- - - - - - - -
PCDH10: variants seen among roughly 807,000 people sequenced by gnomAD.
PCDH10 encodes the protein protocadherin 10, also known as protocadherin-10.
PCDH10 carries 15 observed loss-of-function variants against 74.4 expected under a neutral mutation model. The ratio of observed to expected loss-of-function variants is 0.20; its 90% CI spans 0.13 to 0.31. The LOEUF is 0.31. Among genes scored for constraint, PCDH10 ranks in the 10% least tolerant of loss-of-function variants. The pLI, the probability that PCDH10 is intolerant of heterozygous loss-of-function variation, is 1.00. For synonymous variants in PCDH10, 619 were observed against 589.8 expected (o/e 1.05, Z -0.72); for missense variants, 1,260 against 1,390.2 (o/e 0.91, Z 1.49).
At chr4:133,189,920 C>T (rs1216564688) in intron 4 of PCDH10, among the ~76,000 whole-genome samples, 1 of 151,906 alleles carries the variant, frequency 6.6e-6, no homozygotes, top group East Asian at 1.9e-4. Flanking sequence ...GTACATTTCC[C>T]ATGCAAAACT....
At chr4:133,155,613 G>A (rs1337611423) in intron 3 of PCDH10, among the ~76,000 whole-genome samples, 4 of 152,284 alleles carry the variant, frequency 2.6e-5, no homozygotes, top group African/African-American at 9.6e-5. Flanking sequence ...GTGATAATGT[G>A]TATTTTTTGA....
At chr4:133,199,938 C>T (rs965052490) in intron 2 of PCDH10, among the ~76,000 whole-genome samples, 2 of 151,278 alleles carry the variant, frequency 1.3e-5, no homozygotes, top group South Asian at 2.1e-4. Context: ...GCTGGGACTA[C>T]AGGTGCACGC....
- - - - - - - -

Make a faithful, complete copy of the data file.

PCDH10: variants seen among roughly 807,000 people sequenced by gnomAD.
PCDH10 encodes the protein protocadherin 10, also known as protocadherin-10.
PCDH10 carries 15 observed loss-of-function variants against 74.4 expected under a neutral mutation model. The ratio of observed to expected loss-of-function variants is 0.20; its 90% CI spans 0.13 to 0.31. The LOEUF is 0.31. Among genes scored for constraint, PCDH10 ranks in the 10% least tolerant of loss-of-function variants. The pLI, the probability that PCDH10 is intolerant of heterozygous loss-of-function variation, is 1.00. For synonymous variants in PCDH10, 619 were observed against 589.8 expected (o/e 1.05, Z -0.72); for missense variants, 1,260 against 1,390.2 (o/e 0.91, Z 1.49).
At chr4:133,189,920 C>T (rs1216564688) in intron 4 of PCDH10, among the ~76,000 whole-genome samples, 1 of 151,906 alleles carries the variant, frequency 6.6e-6, no homozygotes, top group East Asian at 1.9e-4. Flanking sequence ...GTACATTTCC[C>T]ATGCAAAACT....
At chr4:133,155,613 G>A (rs1337611423) in intron 3 of PCDH10, among the ~76,000 whole-genome samples, 4 of 152,284 alleles carry the variant, frequency 2.6e-5, no homozygotes, top group African/African-American at 9.6e-5. Flanking sequence ...GTGATAATGT[G>A]TATTTTTTGA....
At chr4:133,199,938 C>T (rs965052490) in intron 2 of PCDH10, among the ~76,000 whole-genome samples, 2 of 151,278 alleles carry the variant, frequency 1.3e-5, no homozygotes, top group South Asian at 2.1e-4. Context: ...GCTGGGACTA[C>T]AGGTGCACGC....